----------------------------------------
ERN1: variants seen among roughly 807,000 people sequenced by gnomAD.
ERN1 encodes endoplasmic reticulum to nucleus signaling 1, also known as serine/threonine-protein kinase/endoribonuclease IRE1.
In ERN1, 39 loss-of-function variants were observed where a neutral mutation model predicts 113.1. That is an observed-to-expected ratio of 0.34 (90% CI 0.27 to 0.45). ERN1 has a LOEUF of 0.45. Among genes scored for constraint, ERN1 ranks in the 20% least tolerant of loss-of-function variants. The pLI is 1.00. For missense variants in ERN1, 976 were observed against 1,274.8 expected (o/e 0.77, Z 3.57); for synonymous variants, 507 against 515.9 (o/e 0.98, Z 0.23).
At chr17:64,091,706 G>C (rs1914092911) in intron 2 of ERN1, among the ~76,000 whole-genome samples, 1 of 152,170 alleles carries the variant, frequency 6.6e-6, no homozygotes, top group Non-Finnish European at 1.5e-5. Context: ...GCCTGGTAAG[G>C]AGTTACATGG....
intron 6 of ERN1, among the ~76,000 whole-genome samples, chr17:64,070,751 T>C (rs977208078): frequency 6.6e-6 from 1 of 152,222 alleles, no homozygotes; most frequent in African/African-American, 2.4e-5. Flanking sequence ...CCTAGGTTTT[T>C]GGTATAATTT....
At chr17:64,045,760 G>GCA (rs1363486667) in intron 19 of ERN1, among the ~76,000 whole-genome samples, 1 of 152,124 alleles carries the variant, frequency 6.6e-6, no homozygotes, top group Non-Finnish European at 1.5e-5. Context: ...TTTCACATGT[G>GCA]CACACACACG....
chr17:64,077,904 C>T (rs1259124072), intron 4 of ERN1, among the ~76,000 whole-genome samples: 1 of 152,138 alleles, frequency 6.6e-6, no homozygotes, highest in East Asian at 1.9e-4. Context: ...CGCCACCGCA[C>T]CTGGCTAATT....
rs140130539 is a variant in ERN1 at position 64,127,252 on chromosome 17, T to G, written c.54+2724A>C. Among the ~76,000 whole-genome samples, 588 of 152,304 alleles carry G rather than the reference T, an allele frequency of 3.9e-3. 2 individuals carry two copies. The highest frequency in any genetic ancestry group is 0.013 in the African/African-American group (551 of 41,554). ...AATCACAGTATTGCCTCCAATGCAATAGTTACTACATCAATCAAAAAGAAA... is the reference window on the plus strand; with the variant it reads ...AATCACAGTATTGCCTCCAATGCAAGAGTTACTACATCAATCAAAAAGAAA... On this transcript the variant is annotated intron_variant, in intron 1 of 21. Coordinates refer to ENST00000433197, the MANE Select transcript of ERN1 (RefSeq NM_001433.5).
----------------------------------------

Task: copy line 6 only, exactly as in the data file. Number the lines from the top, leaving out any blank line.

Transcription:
At chr17:64,045,760 G>GCA (rs1363486667) in intron 19 of ERN1, among the ~76,000 whole-genome samples, 1 of 152,124 alleles carries the variant, frequency 6.6e-6, no homozygotes, top group Non-Finnish European at 1.5e-5. Context: ...TTTCACATGT[G>GCA]CACACACACG....